I remember when I got my first HT, it was difficult to make good contacts with it, but when I added an external antenna on the roof, I had no issues hitting repeaters all over the place with that 5 watts.
 

K4EET

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FWIW, we have a ham here in Baltimore City that could not reliably get into the repeaters from their QTH with a 4 watt HT. Two hams generously donated this Baltimore City ham some equipment that solved the access problem. They gave the Baltimore City ham a 12 VDC power supply, a 30 watt VHF amplifier and a 5/8th wave mobile mag-mount antenna. Using the antenna on a 15 inch cookie sheet set by the window and using the HT on the low power position of 1 watt into the 30 watt VHF amplifier, the Baltimore City ham is now able to get in to some distant repeaters that they wanted to access now with a full quieting signal.

The reason that I relate this story here is because used mag-mount mobile antennas and VHF (or VHF/UHF) amplifiers can be found at just about any hamfest. This might be a quick way to reliably access the repeater(s) that @K9DWB wishes to access.

73, Dave K4EET
 

N4DJC

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A 1/4 wave mag mount on a steel pizza pan 16” in diameter works even inside if you’re up high enough. The ground plane gives you a nice low radiation angle, and is far more efficient than a HT antenna.
 

KE5MC

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David,
The Diamond 77 does get nice reviews and for a short time I used one. I found the stiffness of the antenna a distraction in use and maybe a strain on the connector so I started using the thinner more flexible type. For my scanners and HTs I switched to a SMA to BNC adaptor earlier on. The challenge is to find an adaptor that is a good fit on the radio side. In the case of the two attached radios, the red line is pointing to a spacer used to close the gap once the adaptor is screwed fully down. I wanted the larger base of the adaptor to make contact with the body of the radio around the SMA socket. Without the washer there was a gap and side loads to the antenna transferred to the threaded part of the SMA connector. I picked a thickness that allowed contact with the washer and preload to the adaptor base before it bottomed out on the threads. Washers are hand-made and non-metallic, blue is from a piece of static mat and other is clear Tygon tubing. Using BNC allows me to easily and quickly change antenna without wear and tear on the connection. Each antenna is a dual band, but of different lengths depending on how I will be using the radio/scanner. For connection to an outside antenna a short pigtail to a stiff feedline with BNC on one end and UHF connector on other are available. If the outside antenna has something like RG8x cable a adaptor could be used. In the third picture the right side 2 position switch is for the dual band antenna and the left side 3 position is the HF antenna. The Yaesu is connected to the switch with a 5 foot BNC patch cord. Some loss with various adaptors and less than best cable, but generally the loss is made-up for by gain of the outside antenna and height. This setup gives me quick and easy swap and change between radios and antennas.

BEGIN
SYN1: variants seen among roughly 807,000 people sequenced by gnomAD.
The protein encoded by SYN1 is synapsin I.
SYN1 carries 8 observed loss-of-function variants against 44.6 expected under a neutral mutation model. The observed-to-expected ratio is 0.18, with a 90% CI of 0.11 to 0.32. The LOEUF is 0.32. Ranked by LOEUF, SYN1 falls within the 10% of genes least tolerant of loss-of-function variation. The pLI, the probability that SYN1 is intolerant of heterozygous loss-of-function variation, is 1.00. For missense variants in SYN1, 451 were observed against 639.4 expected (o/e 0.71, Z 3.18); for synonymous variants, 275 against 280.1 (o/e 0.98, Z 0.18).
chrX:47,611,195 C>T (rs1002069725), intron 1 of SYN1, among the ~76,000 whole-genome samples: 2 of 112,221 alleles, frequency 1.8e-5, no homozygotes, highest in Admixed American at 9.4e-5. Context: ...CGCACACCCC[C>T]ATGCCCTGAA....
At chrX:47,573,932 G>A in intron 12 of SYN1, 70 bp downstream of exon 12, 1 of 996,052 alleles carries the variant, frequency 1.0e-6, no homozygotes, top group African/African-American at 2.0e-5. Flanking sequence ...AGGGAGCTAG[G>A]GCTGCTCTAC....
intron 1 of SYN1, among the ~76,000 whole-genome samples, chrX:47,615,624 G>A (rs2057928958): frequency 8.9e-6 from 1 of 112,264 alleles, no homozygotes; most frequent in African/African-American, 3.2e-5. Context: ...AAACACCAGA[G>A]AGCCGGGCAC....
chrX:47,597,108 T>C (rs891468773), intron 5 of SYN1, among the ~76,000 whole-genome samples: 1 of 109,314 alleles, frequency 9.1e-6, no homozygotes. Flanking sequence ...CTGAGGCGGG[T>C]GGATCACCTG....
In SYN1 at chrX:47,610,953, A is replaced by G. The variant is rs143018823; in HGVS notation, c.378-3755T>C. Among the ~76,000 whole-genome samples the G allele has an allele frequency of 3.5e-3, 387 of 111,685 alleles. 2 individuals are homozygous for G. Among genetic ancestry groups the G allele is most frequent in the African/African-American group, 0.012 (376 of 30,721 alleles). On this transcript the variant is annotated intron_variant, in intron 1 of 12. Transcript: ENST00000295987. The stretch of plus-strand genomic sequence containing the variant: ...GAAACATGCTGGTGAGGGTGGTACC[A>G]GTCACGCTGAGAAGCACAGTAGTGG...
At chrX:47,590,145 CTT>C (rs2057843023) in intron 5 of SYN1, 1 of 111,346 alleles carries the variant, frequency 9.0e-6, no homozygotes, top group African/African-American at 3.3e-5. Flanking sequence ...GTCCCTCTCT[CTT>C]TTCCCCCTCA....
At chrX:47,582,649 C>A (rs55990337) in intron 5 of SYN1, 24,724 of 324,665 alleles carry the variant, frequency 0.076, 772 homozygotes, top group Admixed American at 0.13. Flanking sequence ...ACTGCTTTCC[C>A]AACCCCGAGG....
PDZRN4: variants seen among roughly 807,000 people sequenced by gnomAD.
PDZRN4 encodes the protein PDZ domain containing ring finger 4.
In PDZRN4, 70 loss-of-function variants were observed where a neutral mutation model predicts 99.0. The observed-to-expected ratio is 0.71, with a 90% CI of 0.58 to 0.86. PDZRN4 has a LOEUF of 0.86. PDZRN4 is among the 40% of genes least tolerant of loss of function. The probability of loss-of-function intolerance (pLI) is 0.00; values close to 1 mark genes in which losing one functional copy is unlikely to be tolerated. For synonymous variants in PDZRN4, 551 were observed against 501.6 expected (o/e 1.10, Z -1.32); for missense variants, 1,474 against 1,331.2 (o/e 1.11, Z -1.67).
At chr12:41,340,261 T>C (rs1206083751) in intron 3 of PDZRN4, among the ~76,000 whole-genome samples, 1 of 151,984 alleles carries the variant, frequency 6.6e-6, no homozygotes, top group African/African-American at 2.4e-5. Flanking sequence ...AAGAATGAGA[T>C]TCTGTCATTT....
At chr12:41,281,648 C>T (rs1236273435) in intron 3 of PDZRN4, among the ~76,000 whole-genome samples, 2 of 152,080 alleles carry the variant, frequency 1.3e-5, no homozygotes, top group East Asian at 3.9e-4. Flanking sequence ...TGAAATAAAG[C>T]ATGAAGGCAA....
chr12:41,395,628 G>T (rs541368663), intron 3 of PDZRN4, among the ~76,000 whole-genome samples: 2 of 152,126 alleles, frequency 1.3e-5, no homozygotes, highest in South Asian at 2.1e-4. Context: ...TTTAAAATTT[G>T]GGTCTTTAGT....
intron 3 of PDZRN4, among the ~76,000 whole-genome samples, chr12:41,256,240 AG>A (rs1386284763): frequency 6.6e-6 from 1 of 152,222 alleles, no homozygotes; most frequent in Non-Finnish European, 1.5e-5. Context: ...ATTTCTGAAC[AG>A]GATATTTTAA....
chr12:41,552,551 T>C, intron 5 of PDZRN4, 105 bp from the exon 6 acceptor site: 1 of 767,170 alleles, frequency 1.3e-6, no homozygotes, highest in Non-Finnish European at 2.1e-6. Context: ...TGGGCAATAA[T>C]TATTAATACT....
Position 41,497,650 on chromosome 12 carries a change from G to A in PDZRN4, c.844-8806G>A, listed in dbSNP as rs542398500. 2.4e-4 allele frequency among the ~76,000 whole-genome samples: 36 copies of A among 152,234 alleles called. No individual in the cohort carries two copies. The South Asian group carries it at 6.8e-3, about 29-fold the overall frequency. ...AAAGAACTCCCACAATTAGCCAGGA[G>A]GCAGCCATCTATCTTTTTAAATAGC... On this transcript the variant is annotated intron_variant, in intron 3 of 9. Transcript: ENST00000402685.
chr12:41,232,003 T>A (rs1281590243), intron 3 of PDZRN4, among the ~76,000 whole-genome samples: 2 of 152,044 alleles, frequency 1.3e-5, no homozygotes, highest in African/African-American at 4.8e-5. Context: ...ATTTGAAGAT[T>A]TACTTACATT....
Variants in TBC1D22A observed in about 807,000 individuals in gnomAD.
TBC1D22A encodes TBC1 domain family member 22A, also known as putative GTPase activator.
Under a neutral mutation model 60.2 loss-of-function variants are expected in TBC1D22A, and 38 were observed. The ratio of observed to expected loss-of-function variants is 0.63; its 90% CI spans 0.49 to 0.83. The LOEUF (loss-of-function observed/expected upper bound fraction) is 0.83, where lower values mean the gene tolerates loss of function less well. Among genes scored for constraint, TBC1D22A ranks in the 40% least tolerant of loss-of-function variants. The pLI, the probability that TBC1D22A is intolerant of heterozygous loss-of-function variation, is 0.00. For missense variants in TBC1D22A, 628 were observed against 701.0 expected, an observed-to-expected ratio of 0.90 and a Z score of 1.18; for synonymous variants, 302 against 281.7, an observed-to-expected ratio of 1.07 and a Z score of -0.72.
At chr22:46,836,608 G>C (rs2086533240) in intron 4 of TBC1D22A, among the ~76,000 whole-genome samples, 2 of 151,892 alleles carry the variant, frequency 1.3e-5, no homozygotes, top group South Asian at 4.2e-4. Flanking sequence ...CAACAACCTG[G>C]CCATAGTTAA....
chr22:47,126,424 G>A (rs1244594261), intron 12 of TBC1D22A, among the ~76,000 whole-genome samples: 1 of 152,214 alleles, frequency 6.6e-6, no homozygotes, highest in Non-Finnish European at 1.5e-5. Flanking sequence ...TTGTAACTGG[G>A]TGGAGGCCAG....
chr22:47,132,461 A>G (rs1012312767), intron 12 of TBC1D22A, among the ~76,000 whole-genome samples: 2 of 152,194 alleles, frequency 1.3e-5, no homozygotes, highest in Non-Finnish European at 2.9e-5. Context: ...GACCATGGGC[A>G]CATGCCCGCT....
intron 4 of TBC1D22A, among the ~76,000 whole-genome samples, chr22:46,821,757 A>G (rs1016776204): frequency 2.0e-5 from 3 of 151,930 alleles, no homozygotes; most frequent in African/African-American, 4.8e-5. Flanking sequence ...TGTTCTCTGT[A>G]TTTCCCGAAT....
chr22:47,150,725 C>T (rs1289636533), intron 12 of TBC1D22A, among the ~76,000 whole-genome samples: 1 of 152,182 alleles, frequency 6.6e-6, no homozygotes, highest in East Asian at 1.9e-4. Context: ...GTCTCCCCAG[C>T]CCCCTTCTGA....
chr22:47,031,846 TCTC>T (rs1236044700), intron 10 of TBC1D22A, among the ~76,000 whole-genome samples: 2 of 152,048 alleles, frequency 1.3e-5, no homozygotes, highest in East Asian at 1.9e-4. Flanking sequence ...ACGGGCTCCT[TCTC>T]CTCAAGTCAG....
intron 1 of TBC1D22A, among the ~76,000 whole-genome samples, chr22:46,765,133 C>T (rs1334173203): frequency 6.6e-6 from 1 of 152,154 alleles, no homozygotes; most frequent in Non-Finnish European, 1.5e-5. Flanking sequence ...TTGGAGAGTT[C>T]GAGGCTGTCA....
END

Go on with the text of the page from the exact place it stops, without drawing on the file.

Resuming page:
Click picture for a larger view.
Mike

Icom.jpeg

Anytone.jpeg

Yaesu.jpeg
 
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K9DWB

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Good info again from all. I'm certainly going to try either the external mag mount or this concept I'd seen where you use a tripod topped with a mobile mount an antenna. Knowing me, I'll do both some point soon.